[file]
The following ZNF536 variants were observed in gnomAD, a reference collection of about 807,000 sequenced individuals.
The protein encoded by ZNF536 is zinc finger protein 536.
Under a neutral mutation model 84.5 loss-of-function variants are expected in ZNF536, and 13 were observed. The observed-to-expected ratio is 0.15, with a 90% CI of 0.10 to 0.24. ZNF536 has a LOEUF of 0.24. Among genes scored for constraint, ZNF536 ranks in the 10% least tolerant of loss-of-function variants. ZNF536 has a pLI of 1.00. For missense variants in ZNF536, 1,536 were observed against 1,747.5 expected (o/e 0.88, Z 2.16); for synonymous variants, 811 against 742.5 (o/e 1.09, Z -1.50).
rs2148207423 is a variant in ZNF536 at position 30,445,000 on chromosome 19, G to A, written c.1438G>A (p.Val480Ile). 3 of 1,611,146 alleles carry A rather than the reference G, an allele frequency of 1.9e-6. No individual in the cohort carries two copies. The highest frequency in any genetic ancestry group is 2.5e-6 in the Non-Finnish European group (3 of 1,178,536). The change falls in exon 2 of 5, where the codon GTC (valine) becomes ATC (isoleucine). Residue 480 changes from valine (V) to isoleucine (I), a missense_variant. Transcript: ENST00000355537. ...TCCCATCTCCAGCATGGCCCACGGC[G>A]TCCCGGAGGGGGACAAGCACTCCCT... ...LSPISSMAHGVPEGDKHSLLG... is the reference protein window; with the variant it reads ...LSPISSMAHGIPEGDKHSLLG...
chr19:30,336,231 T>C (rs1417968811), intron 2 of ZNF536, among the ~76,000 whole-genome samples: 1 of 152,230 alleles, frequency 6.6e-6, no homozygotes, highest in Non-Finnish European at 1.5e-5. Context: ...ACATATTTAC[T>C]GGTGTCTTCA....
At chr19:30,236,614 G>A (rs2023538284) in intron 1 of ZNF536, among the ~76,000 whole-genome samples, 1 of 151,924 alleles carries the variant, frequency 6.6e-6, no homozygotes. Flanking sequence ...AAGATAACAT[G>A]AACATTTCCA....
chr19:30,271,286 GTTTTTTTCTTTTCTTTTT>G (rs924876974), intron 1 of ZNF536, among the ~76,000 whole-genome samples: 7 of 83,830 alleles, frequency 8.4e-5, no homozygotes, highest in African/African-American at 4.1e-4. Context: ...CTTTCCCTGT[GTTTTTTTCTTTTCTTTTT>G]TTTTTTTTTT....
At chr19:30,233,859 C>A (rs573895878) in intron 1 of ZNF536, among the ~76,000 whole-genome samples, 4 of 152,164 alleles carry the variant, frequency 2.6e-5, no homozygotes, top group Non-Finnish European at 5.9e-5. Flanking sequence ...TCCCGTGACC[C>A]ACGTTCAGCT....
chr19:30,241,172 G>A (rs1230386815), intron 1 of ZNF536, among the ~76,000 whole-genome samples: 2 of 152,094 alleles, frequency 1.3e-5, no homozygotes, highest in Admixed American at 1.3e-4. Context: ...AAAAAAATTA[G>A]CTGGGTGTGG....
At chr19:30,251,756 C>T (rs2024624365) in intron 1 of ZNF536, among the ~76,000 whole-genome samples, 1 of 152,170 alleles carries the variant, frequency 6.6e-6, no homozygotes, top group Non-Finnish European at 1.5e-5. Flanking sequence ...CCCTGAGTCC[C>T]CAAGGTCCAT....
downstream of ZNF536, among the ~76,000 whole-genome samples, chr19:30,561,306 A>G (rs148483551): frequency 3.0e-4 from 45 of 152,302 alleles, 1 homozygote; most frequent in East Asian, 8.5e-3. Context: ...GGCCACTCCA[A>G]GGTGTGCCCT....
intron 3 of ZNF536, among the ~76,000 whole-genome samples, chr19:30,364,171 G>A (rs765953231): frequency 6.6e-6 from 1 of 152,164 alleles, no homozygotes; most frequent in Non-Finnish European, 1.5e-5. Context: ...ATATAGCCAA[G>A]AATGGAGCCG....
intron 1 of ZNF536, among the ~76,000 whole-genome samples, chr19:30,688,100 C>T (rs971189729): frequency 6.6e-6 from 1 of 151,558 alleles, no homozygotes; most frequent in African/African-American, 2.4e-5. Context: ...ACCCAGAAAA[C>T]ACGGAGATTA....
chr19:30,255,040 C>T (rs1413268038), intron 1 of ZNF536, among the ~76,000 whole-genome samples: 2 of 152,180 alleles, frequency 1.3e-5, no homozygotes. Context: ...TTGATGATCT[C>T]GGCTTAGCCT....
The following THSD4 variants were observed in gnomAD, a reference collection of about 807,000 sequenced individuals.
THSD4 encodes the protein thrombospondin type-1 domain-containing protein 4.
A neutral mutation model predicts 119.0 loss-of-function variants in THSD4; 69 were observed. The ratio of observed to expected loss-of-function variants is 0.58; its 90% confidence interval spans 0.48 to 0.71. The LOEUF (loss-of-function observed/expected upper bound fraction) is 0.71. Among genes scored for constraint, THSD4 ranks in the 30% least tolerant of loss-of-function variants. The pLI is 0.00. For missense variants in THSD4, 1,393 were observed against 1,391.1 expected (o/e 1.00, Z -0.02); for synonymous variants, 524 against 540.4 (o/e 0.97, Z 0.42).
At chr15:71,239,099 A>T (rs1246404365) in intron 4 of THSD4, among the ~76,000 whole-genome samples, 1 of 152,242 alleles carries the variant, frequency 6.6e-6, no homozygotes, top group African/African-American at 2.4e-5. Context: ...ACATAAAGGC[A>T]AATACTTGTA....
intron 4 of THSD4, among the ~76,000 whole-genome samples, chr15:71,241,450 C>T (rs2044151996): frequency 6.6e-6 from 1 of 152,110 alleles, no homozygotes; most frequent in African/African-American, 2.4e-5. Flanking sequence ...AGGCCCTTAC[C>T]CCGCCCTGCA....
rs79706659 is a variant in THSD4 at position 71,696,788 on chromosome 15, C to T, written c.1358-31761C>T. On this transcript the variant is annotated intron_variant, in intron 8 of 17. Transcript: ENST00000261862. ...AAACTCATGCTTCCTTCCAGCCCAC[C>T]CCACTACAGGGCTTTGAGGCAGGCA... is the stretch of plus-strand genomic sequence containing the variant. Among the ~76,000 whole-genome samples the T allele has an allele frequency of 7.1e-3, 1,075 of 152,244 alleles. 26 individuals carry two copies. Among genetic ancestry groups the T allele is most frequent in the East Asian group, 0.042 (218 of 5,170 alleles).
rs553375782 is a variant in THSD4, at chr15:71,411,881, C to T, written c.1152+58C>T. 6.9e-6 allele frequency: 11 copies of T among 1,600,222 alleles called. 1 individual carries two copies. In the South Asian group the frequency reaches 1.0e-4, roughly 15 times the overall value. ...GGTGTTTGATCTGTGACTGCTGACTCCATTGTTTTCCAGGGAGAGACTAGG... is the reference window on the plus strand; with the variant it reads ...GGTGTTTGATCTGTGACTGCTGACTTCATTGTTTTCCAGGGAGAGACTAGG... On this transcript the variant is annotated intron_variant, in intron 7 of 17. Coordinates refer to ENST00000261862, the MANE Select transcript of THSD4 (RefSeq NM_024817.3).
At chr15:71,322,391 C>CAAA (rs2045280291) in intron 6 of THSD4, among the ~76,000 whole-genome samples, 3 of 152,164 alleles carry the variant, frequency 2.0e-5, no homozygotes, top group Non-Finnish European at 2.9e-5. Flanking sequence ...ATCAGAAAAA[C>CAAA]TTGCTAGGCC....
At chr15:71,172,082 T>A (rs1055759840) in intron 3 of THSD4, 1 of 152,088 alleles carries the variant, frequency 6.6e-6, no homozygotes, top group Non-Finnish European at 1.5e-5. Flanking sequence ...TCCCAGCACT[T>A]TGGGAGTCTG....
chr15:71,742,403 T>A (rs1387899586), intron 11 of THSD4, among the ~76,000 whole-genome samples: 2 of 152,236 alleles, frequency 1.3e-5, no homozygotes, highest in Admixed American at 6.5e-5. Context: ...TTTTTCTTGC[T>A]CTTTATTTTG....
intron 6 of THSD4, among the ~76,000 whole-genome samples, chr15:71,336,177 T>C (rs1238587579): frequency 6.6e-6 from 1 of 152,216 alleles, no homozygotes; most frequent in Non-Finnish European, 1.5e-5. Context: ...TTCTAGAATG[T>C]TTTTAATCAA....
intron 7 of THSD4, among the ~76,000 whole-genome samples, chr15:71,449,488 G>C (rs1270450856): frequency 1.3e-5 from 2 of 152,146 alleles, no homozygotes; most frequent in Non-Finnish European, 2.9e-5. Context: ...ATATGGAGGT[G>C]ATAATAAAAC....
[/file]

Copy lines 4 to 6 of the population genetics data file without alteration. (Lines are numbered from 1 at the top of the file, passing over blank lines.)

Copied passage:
rs2148207423 is a variant in ZNF536 at position 30,445,000 on chromosome 19, G to A, written c.1438G>A (p.Val480Ile). 3 of 1,611,146 alleles carry A rather than the reference G, an allele frequency of 1.9e-6. No individual in the cohort carries two copies. The highest frequency in any genetic ancestry group is 2.5e-6 in the Non-Finnish European group (3 of 1,178,536). The change falls in exon 2 of 5, where the codon GTC (valine) becomes ATC (isoleucine). Residue 480 changes from valine (V) to isoleucine (I), a missense_variant. Transcript: ENST00000355537. ...TCCCATCTCCAGCATGGCCCACGGC[G>A]TCCCGGAGGGGGACAAGCACTCCCT... ...LSPISSMAHGVPEGDKHSLLG... is the reference protein window; with the variant it reads ...LSPISSMAHGIPEGDKHSLLG...
chr19:30,336,231 T>C (rs1417968811), intron 2 of ZNF536, among the ~76,000 whole-genome samples: 1 of 152,230 alleles, frequency 6.6e-6, no homozygotes, highest in Non-Finnish European at 1.5e-5. Context: ...ACATATTTAC[T>C]GGTGTCTTCA....
At chr19:30,236,614 G>A (rs2023538284) in intron 1 of ZNF536, among the ~76,000 whole-genome samples, 1 of 151,924 alleles carries the variant, frequency 6.6e-6, no homozygotes. Flanking sequence ...AAGATAACAT[G>A]AACATTTCCA....